To the church in Ephesus he says the same.   They are a holy temple (nao,j ) in the Lord – Eph. 2: 21

And every time he uses the word nao,j.   The church is the temple proper; and nothing outside of it!

 

It is this same image that is used here in our text.   The temple symbolises the church.  

God distinguishes between those who are in His temple, and those who are not.   Those who remain in the court, those who are not gathered around the throne of God in prayer at the altar of incense, are not measured as His inheritance.   

 

Not only are they not truly part of His church, but they are counted enemies of His church!  They will trample down the holy city.   Those who gather in the court to bring sacrifices to God are not all true believers.   There are also false brethren who act as enemies.   They are in Jerusalem and even in the court of the temple, but spiritually they are Gentiles who trample on everything that is holy.   Although they seem outwardly to be part of the church, they act as Gentiles who profane the court and trample the holy city underfoot.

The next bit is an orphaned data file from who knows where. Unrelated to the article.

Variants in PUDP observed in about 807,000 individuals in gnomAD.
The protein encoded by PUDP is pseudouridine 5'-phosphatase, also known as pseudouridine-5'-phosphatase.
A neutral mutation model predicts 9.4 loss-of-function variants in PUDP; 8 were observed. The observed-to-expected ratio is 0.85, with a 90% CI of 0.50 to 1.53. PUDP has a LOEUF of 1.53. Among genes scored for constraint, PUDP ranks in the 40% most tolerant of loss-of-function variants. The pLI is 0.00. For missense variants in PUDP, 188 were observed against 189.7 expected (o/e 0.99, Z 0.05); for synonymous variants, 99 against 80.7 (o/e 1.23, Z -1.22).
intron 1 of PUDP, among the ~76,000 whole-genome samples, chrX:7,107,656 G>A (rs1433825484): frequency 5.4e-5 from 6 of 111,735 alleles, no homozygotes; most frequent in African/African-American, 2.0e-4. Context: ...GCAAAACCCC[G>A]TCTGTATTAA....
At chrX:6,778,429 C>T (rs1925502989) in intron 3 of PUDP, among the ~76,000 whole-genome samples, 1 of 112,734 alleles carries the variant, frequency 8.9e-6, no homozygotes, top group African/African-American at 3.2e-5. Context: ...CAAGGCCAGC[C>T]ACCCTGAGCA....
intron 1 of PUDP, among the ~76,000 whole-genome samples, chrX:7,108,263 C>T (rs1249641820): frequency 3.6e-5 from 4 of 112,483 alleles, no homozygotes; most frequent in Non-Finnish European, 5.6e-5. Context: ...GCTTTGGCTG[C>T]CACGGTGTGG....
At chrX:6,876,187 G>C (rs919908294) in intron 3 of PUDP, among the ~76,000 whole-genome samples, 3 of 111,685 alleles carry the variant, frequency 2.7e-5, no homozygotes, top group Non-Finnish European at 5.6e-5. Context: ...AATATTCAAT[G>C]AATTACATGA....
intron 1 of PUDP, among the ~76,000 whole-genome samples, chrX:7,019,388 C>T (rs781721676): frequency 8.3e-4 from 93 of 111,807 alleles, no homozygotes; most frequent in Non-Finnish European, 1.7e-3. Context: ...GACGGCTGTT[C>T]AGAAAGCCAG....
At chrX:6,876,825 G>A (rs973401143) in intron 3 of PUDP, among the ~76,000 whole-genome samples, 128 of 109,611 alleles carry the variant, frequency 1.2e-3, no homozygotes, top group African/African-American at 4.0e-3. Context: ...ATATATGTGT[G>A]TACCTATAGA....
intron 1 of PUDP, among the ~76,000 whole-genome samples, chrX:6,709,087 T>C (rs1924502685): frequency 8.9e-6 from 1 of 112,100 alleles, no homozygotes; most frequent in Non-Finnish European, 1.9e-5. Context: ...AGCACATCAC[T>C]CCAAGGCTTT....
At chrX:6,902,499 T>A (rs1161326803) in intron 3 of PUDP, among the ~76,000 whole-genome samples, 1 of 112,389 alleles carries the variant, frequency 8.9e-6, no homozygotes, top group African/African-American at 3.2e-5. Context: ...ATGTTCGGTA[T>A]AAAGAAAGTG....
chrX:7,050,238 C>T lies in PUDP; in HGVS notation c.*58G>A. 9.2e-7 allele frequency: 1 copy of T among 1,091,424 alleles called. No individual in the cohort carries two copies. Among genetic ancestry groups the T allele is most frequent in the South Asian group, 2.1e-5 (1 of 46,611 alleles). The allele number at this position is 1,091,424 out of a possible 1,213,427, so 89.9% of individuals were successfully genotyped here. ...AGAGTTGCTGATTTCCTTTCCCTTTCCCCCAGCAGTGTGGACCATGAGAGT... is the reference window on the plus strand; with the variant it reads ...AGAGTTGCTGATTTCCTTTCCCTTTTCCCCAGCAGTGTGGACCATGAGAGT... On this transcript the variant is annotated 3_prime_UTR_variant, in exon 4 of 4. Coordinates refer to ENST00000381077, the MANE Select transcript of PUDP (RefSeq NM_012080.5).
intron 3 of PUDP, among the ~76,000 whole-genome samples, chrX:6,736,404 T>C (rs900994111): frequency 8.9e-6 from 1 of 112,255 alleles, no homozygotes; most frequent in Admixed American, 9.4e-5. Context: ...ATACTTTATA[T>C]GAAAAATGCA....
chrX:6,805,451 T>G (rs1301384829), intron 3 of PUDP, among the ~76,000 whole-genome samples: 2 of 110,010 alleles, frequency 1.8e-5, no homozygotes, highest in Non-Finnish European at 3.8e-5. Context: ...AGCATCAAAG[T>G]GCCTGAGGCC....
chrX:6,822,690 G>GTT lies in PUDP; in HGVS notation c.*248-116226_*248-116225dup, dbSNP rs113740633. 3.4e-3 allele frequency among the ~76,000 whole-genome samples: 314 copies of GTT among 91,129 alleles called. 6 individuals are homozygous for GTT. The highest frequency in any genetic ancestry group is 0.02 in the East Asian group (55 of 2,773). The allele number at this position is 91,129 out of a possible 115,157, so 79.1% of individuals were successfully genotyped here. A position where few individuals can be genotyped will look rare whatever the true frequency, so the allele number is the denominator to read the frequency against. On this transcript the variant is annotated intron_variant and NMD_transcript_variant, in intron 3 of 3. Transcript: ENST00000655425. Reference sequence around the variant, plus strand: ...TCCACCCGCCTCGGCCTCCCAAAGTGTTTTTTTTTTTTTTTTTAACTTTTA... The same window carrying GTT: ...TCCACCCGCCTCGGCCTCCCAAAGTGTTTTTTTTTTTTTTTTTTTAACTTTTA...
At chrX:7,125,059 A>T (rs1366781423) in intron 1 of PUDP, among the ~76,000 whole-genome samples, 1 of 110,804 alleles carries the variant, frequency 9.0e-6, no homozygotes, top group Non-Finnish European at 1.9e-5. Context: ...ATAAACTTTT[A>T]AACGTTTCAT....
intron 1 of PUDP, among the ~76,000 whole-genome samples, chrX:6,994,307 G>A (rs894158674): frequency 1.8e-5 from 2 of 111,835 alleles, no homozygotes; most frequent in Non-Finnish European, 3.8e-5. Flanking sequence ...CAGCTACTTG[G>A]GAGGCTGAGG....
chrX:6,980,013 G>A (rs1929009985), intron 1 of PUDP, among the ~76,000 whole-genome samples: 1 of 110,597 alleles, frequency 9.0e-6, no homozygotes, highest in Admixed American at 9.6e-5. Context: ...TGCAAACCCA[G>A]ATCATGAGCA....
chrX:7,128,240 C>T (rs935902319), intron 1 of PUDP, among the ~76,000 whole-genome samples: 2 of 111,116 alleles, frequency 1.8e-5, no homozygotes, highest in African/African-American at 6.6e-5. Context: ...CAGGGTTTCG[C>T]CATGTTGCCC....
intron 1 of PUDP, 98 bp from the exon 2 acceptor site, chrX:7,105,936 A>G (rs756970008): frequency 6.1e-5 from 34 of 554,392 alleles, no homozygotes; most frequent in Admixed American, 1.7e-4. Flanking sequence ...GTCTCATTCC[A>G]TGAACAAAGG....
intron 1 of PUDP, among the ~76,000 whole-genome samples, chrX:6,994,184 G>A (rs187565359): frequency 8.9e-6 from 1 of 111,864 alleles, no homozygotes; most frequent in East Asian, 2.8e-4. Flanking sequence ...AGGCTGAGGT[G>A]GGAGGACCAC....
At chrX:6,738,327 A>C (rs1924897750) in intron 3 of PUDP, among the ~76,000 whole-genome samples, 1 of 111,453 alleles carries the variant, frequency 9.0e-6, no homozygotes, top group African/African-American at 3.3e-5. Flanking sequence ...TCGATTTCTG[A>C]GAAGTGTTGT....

The temple itself will be preserved.   Yes, God’s children may be sorely oppressed, but the Lord will preserve His own.   His temple proper will not be laid waste.

And so this text comes to us as a great comfort: God knows His own and will keep them from destruction.

 

Now, the oppression will last for forty two months.   That is the same as one thousand two hundred and sixty days, or three and a half years – the same duration that is also mentioned in chapter 12.   We noted the meaning of this time span before.   It is the total period of the New Testament era (except for that very short period of the final antichrist that will be directly before Christ’s second coming). 

 

The era of the New Testament is called three and a half years, because it is compared to that dangerous time of temptation and persecution during the reign of king Ahab in which the LORD, for a period of three and a half years (James 5: 17), preserved His own in a wonderful way in the midst of the severe drought that came as a curse on the land.

That “three and a half years”, or “forty two months”, is used as a symbol for God’s preservation in the midst of terrible persecution, temptation and oppression.

 

Yes, the whole New Testament era is called the great tribulation – Rev. 7: 14.